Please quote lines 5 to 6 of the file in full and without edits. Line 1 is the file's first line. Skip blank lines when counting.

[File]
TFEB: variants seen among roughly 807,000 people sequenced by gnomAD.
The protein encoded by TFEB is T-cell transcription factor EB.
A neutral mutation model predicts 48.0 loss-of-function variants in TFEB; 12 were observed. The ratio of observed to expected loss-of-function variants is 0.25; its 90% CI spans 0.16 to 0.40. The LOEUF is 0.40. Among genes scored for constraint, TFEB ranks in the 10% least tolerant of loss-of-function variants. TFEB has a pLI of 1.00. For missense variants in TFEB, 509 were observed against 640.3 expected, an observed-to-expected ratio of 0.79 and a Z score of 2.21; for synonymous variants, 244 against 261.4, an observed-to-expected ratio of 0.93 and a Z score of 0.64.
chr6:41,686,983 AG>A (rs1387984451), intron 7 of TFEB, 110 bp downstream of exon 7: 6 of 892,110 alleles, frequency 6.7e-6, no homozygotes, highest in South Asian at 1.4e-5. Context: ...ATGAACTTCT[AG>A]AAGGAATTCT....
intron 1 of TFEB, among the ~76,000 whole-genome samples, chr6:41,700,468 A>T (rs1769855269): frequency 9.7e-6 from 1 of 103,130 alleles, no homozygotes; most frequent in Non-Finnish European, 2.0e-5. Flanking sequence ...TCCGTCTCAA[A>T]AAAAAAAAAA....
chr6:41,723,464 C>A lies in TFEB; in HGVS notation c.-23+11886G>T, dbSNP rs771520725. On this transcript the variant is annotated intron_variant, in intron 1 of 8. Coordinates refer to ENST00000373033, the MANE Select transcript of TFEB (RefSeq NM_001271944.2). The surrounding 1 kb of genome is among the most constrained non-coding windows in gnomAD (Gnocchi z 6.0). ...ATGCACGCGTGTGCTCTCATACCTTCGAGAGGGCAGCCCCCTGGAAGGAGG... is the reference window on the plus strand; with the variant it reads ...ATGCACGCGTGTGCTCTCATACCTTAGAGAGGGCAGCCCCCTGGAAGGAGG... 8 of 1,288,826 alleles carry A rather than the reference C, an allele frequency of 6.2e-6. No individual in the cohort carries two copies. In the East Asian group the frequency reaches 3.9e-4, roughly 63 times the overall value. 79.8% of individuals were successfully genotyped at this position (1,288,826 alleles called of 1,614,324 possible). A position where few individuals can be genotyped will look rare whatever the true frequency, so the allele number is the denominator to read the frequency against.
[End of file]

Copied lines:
intron 1 of TFEB, among the ~76,000 whole-genome samples, chr6:41,700,468 A>T (rs1769855269): frequency 9.7e-6 from 1 of 103,130 alleles, no homozygotes; most frequent in Non-Finnish European, 2.0e-5. Flanking sequence ...TCCGTCTCAA[A>T]AAAAAAAAAA....
chr6:41,723,464 C>A lies in TFEB; in HGVS notation c.-23+11886G>T, dbSNP rs771520725. On this transcript the variant is annotated intron_variant, in intron 1 of 8. Coordinates refer to ENST00000373033, the MANE Select transcript of TFEB (RefSeq NM_001271944.2). The surrounding 1 kb of genome is among the most constrained non-coding windows in gnomAD (Gnocchi z 6.0). ...ATGCACGCGTGTGCTCTCATACCTTCGAGAGGGCAGCCCCCTGGAAGGAGG... is the reference window on the plus strand; with the variant it reads ...ATGCACGCGTGTGCTCTCATACCTTAGAGAGGGCAGCCCCCTGGAAGGAGG... 8 of 1,288,826 alleles carry A rather than the reference C, an allele frequency of 6.2e-6. No individual in the cohort carries two copies. In the East Asian group the frequency reaches 3.9e-4, roughly 63 times the overall value. 79.8% of individuals were successfully genotyped at this position (1,288,826 alleles called of 1,614,324 possible). A position where few individuals can be genotyped will look rare whatever the true frequency, so the allele number is the denominator to read the frequency against.